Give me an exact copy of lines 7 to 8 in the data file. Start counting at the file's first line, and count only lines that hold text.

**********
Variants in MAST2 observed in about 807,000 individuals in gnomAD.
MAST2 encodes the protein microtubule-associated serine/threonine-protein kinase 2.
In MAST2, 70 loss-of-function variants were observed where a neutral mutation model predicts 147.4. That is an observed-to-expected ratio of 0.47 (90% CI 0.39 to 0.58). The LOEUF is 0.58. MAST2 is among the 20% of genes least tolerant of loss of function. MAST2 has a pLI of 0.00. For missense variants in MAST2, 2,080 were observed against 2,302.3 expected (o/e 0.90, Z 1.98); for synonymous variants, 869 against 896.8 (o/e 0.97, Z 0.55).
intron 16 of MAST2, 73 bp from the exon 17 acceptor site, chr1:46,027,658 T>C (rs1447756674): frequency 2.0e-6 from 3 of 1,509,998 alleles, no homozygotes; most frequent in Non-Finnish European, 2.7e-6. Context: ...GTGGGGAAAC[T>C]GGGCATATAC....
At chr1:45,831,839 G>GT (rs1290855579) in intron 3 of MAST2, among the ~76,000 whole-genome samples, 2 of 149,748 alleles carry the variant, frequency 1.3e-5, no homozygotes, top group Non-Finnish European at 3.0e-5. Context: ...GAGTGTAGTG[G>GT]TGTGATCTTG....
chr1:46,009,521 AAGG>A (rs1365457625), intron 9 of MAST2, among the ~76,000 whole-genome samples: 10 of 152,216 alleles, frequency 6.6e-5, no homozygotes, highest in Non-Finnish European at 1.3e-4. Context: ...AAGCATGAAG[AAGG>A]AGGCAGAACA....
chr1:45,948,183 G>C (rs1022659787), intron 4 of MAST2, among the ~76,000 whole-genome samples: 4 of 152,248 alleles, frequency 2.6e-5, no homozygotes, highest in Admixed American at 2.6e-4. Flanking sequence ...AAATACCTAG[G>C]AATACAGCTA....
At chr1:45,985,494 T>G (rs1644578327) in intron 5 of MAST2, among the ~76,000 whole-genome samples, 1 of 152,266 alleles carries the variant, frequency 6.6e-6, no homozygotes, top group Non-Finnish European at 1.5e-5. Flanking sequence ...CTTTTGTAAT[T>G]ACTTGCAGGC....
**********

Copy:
chr1:45,948,183 G>C (rs1022659787), intron 4 of MAST2, among the ~76,000 whole-genome samples: 4 of 152,248 alleles, frequency 2.6e-5, no homozygotes, highest in Admixed American at 2.6e-4. Flanking sequence ...AAATACCTAG[G>C]AATACAGCTA....
At chr1:45,985,494 T>G (rs1644578327) in intron 5 of MAST2, among the ~76,000 whole-genome samples, 1 of 152,266 alleles carries the variant, frequency 6.6e-6, no homozygotes, top group Non-Finnish European at 1.5e-5. Flanking sequence ...CTTTTGTAAT[T>G]ACTTGCAGGC....